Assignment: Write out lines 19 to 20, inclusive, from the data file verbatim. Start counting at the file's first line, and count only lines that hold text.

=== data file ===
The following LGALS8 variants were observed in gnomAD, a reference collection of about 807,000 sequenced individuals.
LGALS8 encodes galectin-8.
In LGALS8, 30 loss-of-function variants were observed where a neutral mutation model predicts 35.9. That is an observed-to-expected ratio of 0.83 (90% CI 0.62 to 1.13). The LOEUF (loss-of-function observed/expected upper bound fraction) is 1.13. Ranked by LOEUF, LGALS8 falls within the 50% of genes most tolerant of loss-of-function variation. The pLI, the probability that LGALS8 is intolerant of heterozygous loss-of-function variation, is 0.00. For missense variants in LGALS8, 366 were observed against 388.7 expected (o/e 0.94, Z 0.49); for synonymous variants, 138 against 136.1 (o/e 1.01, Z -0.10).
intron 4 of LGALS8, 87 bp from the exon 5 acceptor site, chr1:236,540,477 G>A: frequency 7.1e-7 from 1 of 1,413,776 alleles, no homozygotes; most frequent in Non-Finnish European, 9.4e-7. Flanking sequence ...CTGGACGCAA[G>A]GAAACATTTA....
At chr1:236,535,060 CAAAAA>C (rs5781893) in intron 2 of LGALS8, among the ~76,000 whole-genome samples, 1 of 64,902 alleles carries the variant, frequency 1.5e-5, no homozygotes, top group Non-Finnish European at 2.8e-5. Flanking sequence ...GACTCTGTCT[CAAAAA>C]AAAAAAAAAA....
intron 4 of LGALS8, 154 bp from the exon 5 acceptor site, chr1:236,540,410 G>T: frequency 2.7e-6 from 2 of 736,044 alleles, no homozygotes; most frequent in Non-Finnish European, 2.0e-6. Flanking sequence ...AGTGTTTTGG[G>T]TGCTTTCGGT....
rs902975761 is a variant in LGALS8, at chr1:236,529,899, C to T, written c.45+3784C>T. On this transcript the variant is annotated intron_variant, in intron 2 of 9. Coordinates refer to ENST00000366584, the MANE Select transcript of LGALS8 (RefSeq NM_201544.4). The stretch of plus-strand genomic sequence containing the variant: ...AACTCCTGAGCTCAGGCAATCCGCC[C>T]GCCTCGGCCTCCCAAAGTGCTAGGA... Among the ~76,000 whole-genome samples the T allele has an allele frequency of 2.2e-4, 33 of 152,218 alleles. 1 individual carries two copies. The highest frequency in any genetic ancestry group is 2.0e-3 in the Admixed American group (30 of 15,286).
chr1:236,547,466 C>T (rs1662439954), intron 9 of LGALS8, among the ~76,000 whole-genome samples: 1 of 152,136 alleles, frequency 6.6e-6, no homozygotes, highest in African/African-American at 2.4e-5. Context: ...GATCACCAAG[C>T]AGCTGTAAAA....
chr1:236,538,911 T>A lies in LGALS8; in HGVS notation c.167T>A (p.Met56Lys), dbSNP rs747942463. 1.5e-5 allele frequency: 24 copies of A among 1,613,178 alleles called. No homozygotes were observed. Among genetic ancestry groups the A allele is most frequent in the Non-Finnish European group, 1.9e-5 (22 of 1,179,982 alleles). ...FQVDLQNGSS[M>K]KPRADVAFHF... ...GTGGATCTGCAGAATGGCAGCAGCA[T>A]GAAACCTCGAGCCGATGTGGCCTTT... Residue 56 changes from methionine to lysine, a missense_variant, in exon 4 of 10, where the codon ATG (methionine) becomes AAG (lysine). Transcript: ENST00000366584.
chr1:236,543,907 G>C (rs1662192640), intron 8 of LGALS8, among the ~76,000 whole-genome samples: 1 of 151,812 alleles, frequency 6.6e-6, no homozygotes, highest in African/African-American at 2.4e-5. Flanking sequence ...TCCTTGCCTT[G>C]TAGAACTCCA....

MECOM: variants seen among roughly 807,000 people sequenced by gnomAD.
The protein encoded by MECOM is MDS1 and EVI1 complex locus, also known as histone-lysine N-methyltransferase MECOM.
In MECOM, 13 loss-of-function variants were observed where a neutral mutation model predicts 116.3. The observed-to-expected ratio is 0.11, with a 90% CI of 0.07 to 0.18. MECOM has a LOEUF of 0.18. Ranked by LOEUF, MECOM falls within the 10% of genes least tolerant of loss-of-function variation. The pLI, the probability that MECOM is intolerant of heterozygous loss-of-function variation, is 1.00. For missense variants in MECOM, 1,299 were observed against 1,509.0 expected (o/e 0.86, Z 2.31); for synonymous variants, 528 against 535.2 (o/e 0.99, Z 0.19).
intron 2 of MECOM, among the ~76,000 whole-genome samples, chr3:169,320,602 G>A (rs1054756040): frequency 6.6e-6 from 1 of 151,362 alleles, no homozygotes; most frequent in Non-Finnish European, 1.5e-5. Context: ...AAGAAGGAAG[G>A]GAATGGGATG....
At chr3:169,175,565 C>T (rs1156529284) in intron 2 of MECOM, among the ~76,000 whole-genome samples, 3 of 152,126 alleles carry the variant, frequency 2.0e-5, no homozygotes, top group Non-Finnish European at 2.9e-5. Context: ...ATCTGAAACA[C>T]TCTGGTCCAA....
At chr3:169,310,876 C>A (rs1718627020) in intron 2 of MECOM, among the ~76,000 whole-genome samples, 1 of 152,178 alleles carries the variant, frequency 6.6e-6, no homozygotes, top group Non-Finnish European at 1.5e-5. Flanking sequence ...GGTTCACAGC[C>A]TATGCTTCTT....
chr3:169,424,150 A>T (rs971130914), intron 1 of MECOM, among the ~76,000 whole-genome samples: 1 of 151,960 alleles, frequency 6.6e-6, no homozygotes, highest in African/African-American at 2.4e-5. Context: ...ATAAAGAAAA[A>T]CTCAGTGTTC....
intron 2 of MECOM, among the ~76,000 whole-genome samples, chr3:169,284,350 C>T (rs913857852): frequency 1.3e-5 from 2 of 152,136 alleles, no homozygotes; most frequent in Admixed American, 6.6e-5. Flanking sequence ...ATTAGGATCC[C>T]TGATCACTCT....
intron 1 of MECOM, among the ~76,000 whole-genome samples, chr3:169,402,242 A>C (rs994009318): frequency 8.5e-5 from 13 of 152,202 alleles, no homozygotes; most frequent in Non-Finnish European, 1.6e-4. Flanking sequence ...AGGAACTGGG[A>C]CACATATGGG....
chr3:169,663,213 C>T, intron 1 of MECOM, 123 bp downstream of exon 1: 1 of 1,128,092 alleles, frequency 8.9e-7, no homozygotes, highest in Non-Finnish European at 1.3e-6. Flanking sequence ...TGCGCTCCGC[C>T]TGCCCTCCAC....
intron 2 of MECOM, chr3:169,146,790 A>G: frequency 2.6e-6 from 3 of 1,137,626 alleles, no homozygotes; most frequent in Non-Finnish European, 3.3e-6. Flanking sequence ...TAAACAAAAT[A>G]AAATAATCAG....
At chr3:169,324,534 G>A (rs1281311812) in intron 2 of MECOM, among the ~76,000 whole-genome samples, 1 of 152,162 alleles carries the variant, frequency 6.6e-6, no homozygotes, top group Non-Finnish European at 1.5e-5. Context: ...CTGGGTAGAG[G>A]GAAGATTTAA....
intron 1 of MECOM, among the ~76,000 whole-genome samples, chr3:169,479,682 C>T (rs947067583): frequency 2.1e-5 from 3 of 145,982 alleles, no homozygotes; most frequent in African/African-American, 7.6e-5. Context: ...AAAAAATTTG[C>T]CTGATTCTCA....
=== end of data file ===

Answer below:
intron 1 of MECOM, among the ~76,000 whole-genome samples, chr3:169,402,242 A>C (rs994009318): frequency 8.5e-5 from 13 of 152,202 alleles, no homozygotes; most frequent in Non-Finnish European, 1.6e-4. Flanking sequence ...AGGAACTGGG[A>C]CACATATGGG....
chr3:169,663,213 C>T, intron 1 of MECOM, 123 bp downstream of exon 1: 1 of 1,128,092 alleles, frequency 8.9e-7, no homozygotes, highest in Non-Finnish European at 1.3e-6. Flanking sequence ...TGCGCTCCGC[C>T]TGCCCTCCAC....